Sorry to say, I neglected to get a before picture of the dresser I painted last weekend. But there wasn’t much to see. It wasn’t hideous and it also wasn’t a piece where it was hard to see the potential. This one went in with lots of potential and it lived up to it beautifully.
After patching a couple of spots of chipped veneer on the drawer fronts, I stripped the top. I wasn’t sure if the wood was going to be very pretty with just the CeCe Caldwell Aging Cream, but decided to give it a go. I’m so glad I did. My sister was sharing my workshop while working on her china cupboard (soon to be revealed), and she was amazed by the transformation with just a little wax. A while back one of my readers, Teri, asked me to show pictures of just such a transformation in progress, so here they are!
Here is the top after stripping (using a citrus based stripper), sanding with 220 grit sandpaper and wiping clean with a little TSP substitute (phosphate free, I use the spray and get it at Mendards).
It looks very dry and not terribly pretty.
Then here I am applying the Aging Cream with a piece of old flannel sheet (action shot taken by my sister, note my paint splattered fingers!) …
So, just to be clear. I am simply rubbing the Aging Cream (a.k.a. dark wax) into the wood, and it brings out that much gorgeousness! Please note, the use of ‘lint free cloth’ is recommended for waxing, but I am a rule breaker! Since I had sanded this wood smooth, I thought the flannel was a safe bet and it worked for me.
After rubbing the wax on, I usually wait about 10 minutes or so and then wipe away the excess with a fresh, clean cloth. Here it is after that step.
If you want more shine, you can go back after 24 hours and buff to a shine. I usually skip that step, I’m just not a ‘shine’ girl.
I can remember back to before I tried this myself. I had no idea that you could simply use wax to achieve these results. No stain, no poly. Of course, the results depend a bit on the natural beauty of the wood you are working with, so keep that in mind. Also, a waxed top will not be as durable as a poly’ed top. I think that is perfectly acceptable for a dresser, but maybe not as good for a desk or table top depending on how much wear they will get.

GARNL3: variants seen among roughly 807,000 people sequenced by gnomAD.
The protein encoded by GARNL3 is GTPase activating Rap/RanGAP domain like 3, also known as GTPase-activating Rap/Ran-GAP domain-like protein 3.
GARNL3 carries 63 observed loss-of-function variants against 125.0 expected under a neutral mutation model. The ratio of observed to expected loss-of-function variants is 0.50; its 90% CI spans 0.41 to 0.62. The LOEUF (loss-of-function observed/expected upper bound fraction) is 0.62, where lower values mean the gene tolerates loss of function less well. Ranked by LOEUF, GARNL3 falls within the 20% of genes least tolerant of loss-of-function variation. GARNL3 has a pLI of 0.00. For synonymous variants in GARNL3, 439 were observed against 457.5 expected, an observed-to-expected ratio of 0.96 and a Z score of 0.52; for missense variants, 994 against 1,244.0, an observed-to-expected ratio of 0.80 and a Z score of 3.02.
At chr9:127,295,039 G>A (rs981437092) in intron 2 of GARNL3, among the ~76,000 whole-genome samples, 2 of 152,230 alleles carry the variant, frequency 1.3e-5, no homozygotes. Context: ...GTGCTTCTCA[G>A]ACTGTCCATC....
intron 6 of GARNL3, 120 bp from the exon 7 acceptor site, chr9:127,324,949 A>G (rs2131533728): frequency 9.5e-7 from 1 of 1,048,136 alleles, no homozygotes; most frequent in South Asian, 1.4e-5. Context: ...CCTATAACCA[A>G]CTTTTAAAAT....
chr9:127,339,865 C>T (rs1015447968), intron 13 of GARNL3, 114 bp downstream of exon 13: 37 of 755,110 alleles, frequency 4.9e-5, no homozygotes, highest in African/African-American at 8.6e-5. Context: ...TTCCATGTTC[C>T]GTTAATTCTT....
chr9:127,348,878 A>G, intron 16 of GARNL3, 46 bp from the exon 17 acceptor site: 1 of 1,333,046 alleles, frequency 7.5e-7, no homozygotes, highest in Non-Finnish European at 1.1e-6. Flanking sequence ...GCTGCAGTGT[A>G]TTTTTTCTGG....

So … here’s what I did with the rest of the dresser.
I painted the body of the dresser in Miss Mustard Seed’s Marzipan (which is an almond color). I really love this color, which is kind of strange since it’s a glorified beige and I’m not really a beige girl. But, this is a warm, rich, almond-y color, not a pinky, peachy, beige-y color. So much better. It took three coats to get this coverage.
Next I added some Miss Mustard Seed Ironstone on the two medallions on the top drawer.
I finished with Miss Mustard Seed clear furniture wax. I wasn’t sure I would put the original hardware back on at first, but in the end it was perfect with the new color of the dresser, so I kept it.
Although I didn’t get any chipping on this one, it did distress beautifully along the edges.
My Perfect English Farmhouse book and some crazed and stained ironstone were perfect for staging this dresser.
And the chair that makes its way into so many of my photos looks great next to this dresser too.
And here is one last look at that waxed top.
This beautiful dresser is for sale, if you are local and interested in the details, leave me a comment and I’ll get back to you!
Linking up with Finding Silver Pennies.